Nigeria has started 2016 grappling with modalities that will make the year a more peaceful and progressive one for its people. The Federal Government has continued to make efforts to overcome some of the country’s difficult national concerns.
Last year was a difficult one for Nigeria and Nigerians, especially with the security crisis in the North-East and deteriorating state of the economy. It was also a year with a lot of promise, best symbolised in the successful general elections and transition to a new government at the centre and in some states in the country. In 2015, the Nigerian people demonstrated determination and commitment to democracy during the elections and resilience as insecurity grew.
One of the greatest challenges last year was the Boko Haram insurgency. Like in the 2014, Nigeria lost part of its territory to insurgents that had the audacity to raise their flags on territory they had wrestled off our armed forces. Over 20,000 people have been killed by the insurgency so far, 2.2 million people have been internally displaced, and at least 175,000 have fled as refugees to the neighbouring countries of Niger, Chad and Cameroon, creating a huge humanitarian crisis. President Muhammadu Buhari gave a deadline to our armed forces to defeat the insurgency, which expired on December 31st, 2015.
Significant progress has been made in degrading the capacity of the insurgents to fight. Most of the territory lost has been recovered and the insurgents are on the run. As they run, however, they continue to kill and destroy. They have also expanded the suicide bombing missions often using innocent young girls.
Our wish for 2016 is complete success in eliminating the insurgency. This would require a continuation of armed combat from the armed forces. It would however require even more improved intelligence, raising the security consciousness of communities to monitor their society to stop infiltration. Above all, religious and traditional leaders need to be more proactive in socialising their followers against indoctrination into radical extremism. Let 2016 become the year the Nigerian polity and society is able to organise to totally defeat extremism.
The Buhari Administration has prioritised the struggle against corruption in its agenda and they have had a clear focus on it since coming into power. There have been shocking revelations about mega-looting from our treasury and prosecutions have started. It is gratifying that the Federal Government is clearly committed to prosecuting corrupt public officials and recovering the loot they took. It is not easy fighting corruption because the resources at the hands of corrupt individuals are immense and the culture of corruption is deep rooted and omnipresent. Precisely for these reasons, there must a national conversation about the most effective strategies for combating corruption. The President and his Advisory Committee on Corruption should engage Nigerians on the strategy they have adopted to get wider input and carry other anti-corruption crusaders along.
Our wish for 2016 is the development of a strong anti-corruption movement that would lead the campaign and create traction in the war against corruption. As the year proceeds, we hope to see successful prosecutions of corrupt public officials who are sent on long jail terms and from whom the loot stolen is recovered.
Nigeria’s territorial integrity has been strained in 2015, not only because of the Boko Haram insurgency but also due to sharp mobilisation over the reincarnation of Biafra, threats of resumption of militancy by Niger Delta and Oduduwa Republic militants, in addition to persistent conflicts between Nigerians defined as indigenes and settlers. All these indicate unease regarding the centralised and lopsided nature of the Nigerian Federation. The National Conference called by the Jonathan Administration to address these issues made some useful proposals.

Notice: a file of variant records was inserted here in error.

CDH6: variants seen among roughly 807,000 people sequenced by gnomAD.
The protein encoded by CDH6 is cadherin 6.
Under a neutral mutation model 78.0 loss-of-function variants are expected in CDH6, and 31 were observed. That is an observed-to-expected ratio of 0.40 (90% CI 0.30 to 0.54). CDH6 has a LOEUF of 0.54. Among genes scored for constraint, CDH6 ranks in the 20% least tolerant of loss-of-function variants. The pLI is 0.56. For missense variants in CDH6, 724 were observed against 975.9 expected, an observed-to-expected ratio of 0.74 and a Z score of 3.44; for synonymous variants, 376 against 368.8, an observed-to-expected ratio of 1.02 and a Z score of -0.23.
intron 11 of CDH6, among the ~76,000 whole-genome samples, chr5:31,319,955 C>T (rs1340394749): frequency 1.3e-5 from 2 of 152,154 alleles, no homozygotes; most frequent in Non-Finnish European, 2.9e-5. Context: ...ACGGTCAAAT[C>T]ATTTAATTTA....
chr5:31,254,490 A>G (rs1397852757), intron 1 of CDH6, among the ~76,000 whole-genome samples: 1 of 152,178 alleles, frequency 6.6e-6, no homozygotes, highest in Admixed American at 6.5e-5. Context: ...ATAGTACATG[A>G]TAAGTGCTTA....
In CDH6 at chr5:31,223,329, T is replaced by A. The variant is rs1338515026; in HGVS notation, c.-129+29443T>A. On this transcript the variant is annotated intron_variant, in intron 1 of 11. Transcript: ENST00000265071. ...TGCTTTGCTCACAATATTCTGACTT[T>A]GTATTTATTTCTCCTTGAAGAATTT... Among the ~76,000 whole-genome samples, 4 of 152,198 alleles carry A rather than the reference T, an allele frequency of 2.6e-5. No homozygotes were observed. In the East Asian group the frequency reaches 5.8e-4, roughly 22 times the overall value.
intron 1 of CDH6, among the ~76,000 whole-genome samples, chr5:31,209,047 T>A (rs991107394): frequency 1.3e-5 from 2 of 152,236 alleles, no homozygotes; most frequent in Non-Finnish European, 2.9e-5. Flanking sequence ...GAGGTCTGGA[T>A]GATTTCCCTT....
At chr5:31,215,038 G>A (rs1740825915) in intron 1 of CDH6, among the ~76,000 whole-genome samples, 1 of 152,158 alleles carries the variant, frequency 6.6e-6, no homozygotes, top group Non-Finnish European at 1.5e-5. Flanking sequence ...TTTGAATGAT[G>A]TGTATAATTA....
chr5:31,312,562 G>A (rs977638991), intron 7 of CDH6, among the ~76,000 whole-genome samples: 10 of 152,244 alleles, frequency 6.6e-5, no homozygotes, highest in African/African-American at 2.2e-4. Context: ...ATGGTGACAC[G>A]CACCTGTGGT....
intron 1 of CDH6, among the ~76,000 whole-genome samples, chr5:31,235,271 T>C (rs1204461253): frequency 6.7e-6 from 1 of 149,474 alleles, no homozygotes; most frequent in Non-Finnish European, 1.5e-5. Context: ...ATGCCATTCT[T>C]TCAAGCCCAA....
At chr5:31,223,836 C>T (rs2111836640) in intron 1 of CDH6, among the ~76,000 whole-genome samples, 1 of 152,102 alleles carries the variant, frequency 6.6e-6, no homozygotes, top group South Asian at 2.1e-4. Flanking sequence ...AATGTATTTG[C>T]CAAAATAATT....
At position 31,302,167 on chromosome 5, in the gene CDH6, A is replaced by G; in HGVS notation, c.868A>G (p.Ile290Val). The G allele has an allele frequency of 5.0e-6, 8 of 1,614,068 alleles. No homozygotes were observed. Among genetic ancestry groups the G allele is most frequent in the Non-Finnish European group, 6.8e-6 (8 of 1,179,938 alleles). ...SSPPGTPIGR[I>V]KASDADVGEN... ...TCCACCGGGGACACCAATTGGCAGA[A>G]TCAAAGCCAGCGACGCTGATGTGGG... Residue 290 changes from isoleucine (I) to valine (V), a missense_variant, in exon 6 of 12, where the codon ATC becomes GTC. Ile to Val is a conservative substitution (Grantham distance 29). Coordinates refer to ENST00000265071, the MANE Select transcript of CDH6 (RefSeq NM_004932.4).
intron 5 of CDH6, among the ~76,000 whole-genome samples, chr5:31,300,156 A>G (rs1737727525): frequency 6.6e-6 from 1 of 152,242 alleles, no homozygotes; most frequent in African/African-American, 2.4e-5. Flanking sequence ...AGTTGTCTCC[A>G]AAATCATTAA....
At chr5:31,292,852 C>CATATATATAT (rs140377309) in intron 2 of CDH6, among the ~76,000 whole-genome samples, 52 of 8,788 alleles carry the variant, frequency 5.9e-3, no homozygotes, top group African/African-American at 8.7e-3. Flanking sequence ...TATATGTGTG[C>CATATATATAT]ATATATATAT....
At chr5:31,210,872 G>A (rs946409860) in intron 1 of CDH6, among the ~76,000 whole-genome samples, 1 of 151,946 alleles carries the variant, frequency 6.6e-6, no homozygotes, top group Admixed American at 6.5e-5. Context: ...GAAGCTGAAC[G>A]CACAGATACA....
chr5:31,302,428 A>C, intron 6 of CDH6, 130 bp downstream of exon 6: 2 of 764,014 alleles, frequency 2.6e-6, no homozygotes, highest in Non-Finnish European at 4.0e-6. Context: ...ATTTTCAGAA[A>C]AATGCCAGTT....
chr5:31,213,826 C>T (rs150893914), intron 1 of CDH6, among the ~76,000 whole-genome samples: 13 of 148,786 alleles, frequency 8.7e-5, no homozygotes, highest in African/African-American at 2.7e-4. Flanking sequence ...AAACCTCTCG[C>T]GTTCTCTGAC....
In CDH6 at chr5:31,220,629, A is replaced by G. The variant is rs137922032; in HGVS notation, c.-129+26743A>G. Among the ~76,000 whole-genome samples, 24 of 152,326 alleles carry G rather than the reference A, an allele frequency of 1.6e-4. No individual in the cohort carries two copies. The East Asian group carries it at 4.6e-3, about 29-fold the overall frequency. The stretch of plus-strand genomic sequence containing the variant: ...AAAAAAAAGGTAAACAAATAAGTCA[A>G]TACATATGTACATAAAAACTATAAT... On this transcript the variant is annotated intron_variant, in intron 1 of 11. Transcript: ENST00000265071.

In 2016, Nigerians must find ways of continuing the conversation about the nation and how best to build and consolidate it. How best can we share powers between the federal, state and local governments in the country? Is devolving political and economic powers to the states, local governments, cities and other municipalities at the grass roots level in the country the best way forward? How do we address the persistent problems associated with the lack of competence, transparency and accountability at the local level? Nigeria cannot afford another huge national conference at this time. Nonetheless, modalities to continue these conversations must be devised and practicalised.
Over the past few weeks, another fault line has been revealed by the clash between the Islamic Movement of Nigeria, popularly known as the Shiites, and the Nigerian Army. The Shiites have, over the past decades, turned themselves into a group with no respect for our laws and have often made the lives of ordinary Nigerians neighbouring their places of activity extremely difficult. Be that as it may, as it is usually said, two wrongs cannot make a right. The massacre of hundreds of their members in an extra judicial manner is totally unacceptable. A high-powered judicial commission of inquiry to investigate the issue should be established and those found to have broken the law must be punished.
Over and beyond the specific clash, we need to accept that there must be regulation of the activities of religious organisations in general. We continue to allow them break our laws at our own peril. Massive noise pollution from religious organisations, indoctrination into cult organisations, blocking of streets and highways and inciting people with hate and dangerous speech are all issues the Nigerian State has to address.
Our prayers for 2016 in this regard is that Nigeria must cease to be a country where free-for-all action by groups are tolerated simply because they say that they are a religious group.
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